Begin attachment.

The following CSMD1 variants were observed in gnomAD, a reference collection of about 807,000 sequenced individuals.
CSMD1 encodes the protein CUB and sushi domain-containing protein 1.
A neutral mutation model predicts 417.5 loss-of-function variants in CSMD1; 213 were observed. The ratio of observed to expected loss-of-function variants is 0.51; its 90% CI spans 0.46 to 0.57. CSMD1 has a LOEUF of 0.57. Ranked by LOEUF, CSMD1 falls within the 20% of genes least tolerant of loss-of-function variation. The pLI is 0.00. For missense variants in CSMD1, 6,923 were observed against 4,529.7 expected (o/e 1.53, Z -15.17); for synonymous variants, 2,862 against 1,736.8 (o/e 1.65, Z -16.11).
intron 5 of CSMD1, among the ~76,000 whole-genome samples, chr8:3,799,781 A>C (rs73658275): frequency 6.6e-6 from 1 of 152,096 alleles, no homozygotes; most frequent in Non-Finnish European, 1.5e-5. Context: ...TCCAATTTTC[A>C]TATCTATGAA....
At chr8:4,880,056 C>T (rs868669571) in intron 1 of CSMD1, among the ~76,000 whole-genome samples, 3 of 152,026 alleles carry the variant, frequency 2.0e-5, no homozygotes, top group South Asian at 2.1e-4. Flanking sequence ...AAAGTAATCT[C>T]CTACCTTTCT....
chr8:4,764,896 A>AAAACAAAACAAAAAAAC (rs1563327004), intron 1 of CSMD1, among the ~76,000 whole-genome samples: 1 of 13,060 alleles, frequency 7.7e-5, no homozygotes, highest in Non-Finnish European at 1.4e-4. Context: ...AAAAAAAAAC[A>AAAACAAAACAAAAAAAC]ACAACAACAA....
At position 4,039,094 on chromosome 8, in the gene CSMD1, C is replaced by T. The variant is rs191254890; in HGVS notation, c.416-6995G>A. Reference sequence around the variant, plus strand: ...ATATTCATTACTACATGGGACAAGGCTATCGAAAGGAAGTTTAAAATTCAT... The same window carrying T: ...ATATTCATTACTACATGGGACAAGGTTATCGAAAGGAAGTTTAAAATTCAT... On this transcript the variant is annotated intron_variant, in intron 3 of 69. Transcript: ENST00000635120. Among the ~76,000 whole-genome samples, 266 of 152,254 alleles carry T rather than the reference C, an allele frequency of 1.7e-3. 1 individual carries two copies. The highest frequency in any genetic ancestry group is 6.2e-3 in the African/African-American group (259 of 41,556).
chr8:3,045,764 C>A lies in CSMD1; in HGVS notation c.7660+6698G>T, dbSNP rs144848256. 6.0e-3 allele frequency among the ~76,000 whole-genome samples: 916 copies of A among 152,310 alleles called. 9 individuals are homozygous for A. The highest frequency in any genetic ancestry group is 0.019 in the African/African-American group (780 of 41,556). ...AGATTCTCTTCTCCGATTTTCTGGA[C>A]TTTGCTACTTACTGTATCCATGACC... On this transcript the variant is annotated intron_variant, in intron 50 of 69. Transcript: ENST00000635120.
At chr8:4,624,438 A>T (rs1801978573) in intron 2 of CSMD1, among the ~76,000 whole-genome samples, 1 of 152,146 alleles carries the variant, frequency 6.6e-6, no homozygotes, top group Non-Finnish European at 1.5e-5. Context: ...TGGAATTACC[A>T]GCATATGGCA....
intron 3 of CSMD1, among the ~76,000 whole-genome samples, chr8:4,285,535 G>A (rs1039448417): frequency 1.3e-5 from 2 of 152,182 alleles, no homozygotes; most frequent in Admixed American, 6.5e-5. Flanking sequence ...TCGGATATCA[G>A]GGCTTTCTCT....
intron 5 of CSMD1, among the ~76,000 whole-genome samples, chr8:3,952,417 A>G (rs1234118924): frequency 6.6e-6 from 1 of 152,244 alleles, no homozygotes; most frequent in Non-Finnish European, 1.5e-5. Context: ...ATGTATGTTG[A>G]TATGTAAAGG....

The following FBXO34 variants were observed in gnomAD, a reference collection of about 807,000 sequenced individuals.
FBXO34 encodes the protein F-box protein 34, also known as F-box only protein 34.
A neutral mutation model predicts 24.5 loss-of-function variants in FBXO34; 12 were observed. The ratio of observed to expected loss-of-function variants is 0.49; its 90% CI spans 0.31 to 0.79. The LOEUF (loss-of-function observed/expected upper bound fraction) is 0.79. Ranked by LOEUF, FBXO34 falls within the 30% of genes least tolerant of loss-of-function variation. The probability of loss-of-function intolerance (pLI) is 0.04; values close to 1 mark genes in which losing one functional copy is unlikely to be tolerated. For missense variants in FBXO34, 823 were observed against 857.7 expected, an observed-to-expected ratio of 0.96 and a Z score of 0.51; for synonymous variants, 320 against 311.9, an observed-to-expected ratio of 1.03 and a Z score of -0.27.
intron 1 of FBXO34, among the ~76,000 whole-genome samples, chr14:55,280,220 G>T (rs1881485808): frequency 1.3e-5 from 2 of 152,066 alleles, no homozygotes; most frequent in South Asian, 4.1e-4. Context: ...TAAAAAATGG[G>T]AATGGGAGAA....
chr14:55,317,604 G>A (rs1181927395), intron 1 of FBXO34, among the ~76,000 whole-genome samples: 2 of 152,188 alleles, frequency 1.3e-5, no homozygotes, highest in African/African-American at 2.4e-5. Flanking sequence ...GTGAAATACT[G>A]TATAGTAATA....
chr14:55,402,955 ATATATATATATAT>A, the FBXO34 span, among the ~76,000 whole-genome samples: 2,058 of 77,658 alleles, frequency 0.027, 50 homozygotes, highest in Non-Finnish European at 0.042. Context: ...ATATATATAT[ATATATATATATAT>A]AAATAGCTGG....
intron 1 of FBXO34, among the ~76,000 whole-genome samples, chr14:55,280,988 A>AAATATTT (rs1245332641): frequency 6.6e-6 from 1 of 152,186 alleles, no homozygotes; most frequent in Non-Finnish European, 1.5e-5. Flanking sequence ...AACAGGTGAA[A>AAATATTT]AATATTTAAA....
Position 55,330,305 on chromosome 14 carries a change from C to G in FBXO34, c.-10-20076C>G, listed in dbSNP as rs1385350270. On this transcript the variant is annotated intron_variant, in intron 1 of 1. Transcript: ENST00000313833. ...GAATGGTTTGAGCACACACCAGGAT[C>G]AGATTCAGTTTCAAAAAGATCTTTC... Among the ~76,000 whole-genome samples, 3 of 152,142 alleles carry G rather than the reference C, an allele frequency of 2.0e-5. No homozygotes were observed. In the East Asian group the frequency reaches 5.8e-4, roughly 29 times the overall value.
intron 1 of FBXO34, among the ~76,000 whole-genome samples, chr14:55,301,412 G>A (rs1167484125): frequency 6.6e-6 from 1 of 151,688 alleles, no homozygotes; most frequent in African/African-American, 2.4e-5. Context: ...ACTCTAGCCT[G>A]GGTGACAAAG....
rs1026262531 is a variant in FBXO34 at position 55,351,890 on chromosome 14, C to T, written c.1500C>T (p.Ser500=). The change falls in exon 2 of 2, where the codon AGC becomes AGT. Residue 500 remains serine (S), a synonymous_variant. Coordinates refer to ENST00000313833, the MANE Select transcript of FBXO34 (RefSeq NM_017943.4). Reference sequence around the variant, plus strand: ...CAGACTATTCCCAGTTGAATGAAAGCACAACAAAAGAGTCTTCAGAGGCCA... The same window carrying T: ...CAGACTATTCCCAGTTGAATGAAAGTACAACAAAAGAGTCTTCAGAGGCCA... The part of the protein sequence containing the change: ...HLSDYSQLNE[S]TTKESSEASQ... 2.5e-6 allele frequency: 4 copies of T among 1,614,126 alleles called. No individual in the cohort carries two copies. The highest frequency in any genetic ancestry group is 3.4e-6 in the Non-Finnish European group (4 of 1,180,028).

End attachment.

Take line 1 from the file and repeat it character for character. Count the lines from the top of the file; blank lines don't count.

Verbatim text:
The following CSMD1 variants were observed in gnomAD, a reference collection of about 807,000 sequenced individuals.